Archives for November, 2017

Candidate Tip 163: Not Everyone is Going to Like You

One of my sayings is, “In the casino business, you can always find someone that does not like you.” For me personally, the guy that wanted me to invest in his cooking show. Sorry, not my thing! The guy that wanted an introduction to Tony Hsieh at Zappos. Sorry, you need a value proposition! And several of the candidates I would not represent. “Mark says he is a Christian, but he would not help me.” I kid you not.  Heard that multiple times.  They don’t understand that I can’t possibly represent every candidate that approaches me.  And since my reputation is on the line every time I submit a resume, I can only represent executives that I know personally.

Andy Choy of Melco once told me a casino executive was pity mouthing me all over Las Vegas. My response was, “Not sure that says anything about me; sure says a lot about him.” From a career perspective, do your best not to burn your bridges. As Walt Disney said, “It’s a small, small world.” When I did searches for GMs at Ameristar years ago, they would circulate candidate resumes to all 12 GMs. If any of the 12 made a negative comment, the candidate was OUT.

Although I’m a big believer in referrals and references, I always temper that with “consider the source.” If I discounted every candidate that had a personality conflict somewhere in their career…there would be no candidates left. Lesson learned? Not everyone wants to be your friend. Do your best to play well with others and follow the Golden Rule.  Mother Teresa said it best, “For you see, in the end, it is between you and God. It was never between you and them anyway.”

Career Mistake #132: Too Busy to Interview

If your career search is not a priority for you, it certainly won’t be for Executive Recruiters or hiring companies.
It’s fine to be a passive candidate (not really looking), however once you are in the interview process it needs to become a priority.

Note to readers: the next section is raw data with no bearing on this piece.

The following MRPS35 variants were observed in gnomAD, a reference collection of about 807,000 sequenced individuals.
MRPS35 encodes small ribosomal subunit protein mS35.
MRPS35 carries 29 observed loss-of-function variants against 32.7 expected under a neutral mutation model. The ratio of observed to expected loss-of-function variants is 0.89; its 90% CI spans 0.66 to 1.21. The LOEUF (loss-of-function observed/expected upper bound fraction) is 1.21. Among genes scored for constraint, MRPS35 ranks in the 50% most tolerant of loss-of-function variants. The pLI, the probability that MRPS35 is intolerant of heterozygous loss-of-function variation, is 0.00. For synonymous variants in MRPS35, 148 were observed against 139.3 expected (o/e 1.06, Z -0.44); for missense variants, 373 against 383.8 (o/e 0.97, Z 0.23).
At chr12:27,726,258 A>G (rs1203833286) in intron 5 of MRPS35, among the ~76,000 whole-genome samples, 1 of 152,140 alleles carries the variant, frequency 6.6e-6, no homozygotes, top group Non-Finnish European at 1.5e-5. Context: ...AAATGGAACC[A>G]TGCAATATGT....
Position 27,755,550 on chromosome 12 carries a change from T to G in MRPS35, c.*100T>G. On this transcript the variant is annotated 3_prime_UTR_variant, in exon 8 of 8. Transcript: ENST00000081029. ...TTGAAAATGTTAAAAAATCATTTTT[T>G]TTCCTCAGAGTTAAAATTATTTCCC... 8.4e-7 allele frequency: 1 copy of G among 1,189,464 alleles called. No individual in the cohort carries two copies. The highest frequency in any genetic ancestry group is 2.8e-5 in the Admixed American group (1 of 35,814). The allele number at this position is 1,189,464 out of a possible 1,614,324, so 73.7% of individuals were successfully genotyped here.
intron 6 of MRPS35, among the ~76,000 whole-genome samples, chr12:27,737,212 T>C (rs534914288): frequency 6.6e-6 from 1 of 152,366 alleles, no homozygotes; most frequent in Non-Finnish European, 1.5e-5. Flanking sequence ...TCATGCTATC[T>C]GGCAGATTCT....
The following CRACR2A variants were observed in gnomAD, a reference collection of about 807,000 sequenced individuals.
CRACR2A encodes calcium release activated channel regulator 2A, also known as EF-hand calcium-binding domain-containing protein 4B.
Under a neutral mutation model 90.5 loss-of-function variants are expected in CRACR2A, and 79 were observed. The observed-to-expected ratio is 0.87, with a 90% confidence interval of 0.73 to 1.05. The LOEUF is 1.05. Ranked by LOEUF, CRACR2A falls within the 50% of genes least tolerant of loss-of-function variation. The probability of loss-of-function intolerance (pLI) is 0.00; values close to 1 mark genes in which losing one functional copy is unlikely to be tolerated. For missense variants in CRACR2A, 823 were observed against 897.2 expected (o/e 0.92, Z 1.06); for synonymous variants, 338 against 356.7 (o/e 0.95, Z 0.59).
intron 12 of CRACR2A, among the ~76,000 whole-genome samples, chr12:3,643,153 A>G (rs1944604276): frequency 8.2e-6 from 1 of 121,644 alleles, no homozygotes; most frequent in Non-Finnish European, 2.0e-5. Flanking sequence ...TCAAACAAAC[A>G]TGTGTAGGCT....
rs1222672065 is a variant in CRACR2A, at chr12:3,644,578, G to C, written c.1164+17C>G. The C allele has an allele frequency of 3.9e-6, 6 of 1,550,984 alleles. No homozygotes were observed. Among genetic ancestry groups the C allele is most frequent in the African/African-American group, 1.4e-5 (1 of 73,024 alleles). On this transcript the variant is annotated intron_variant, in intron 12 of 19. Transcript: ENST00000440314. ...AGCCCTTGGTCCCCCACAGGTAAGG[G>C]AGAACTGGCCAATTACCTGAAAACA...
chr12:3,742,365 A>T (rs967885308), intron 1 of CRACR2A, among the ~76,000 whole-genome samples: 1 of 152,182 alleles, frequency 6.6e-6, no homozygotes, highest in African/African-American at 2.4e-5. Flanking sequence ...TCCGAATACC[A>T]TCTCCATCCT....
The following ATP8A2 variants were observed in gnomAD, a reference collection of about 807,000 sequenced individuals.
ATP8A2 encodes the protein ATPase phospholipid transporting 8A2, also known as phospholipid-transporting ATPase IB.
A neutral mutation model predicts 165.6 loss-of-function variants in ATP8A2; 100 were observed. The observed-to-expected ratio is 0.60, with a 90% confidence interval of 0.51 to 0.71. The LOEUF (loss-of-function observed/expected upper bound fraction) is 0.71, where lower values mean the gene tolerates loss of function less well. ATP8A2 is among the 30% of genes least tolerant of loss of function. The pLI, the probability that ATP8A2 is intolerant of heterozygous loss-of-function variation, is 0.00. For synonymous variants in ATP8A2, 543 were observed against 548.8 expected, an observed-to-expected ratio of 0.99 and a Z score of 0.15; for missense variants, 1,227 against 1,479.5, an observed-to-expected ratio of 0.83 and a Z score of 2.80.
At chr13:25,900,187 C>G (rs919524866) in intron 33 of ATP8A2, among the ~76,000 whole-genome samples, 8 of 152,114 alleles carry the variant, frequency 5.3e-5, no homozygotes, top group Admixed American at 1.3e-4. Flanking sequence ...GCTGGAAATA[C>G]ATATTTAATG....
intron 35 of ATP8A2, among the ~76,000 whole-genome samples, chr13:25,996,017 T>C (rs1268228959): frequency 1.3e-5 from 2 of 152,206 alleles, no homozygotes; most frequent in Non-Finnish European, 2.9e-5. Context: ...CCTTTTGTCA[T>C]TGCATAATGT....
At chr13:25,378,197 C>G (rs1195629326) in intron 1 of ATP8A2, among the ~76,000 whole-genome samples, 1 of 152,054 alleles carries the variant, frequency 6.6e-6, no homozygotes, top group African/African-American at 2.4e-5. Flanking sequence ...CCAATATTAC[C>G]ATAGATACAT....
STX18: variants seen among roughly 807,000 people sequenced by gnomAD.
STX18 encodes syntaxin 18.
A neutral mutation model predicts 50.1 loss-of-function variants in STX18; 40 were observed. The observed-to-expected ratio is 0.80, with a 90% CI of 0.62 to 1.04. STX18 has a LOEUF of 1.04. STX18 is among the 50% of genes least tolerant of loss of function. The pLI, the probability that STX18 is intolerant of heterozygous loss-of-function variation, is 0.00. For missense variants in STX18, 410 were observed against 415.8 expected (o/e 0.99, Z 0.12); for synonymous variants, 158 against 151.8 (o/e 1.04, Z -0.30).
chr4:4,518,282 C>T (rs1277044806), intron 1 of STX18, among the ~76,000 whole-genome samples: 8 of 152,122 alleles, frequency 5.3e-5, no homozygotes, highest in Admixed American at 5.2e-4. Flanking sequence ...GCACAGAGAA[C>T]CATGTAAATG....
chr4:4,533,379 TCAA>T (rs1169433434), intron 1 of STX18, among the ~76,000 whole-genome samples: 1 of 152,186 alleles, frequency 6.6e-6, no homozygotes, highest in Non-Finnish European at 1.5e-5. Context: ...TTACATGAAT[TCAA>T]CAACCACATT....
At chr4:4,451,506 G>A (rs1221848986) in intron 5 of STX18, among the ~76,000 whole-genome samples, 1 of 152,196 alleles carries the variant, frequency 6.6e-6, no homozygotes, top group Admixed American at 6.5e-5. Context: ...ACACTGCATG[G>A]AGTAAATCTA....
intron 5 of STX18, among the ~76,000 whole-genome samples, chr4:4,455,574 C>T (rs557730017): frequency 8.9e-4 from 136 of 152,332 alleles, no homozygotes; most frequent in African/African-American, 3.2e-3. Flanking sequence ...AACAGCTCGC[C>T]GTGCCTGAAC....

As Walt Disney said, “It’s a small, small world.” Time is the great equalizer. We all have 24 hours a day, from Bill Gates to the homeless. Time is our most valuable asset. If you waste the time of an Executive Recruiter and/or hiring company, they won’t be back for seconds.

Career Mistake #347: What We Have Here is a Lack of Communication

This is a common issue executives that have either not looked for a new career opportunity in many years, or have never worked with an Executive Recruiter.
First, keep the Executive Recruiter informed of all communications and interviews with the hiring company. They are your Talent Agent.
Second, provide feedback to the Recruiter after each interview. Specifically, do you still have interest in the job? It’s disappointing when I email a client to find out when a candidate will interview, only to find out they already did. Where’s my feedback from the candidate? Far too often candidates push on me to make the interview process move more quickly, but don’t keep me in the loop.
Remember this, I don’t get paid unless I get you placed, so rest assured I’m on the job.

Career Mistake 332: Failure to Disclose

“Mark, bring me people of integrity.  If they don’t have integrity, I don’t care how brilliant or talented they are.”  A CEO told me this many years ago, and it has stuck with me ever since. 

Failure to disclose is a fatal candidate error.  If you don’t disclose information on an employment application or gaming license that can have a material effect on the document, and it comes up during the background search, you will be terminated or denied a gaming license.  

For example, I once had a VP, Human Resources that did not disclose a minor incident that was 13 years old.  It was not something that would materially affect his employment, however the fact he did NOT DISCLOSE it on the application was a deal breaker – he was terminated.  ALWAYS DISCLOSE. 

As Gaming Arts CEO David Colvin famously said, “Honesty is not only the best policy; it’s the only policy.”

Career Mistake 117: Pricing Yourself Out of the Market

Getting a job is similar to selling a house. Most sellers have an emotional attachment to their house and price it way about the COMPS (market rate). Candidates tend to do the same thing – ask for compensation that is far above the market rate and/or more than their education and experience justify. Same result: They sit on the beach (unemployed) for a year or until they lower their price.
Let’s be crystal clear about one thing – anyone that tells you money does not matter….doesn’t have any! Careers and compensation are important, however understanding your market value is CRITICAL. It’s based on education, professional experience, unique skill set and market conditions.
Keep in mind that if you currently make $100,000, no company will pay you $200,000. Even if I valued you at $200,000, current compensation does play a role in job offers, and no HR executive is going to double your salary.
The good news is market conditions are optimal. Lowest unemployment rate in history, so candidates are receiving “above market rate” offers. Always remember this – the best way to secure a new career opportunity is to understand your market value and price the house appropriately.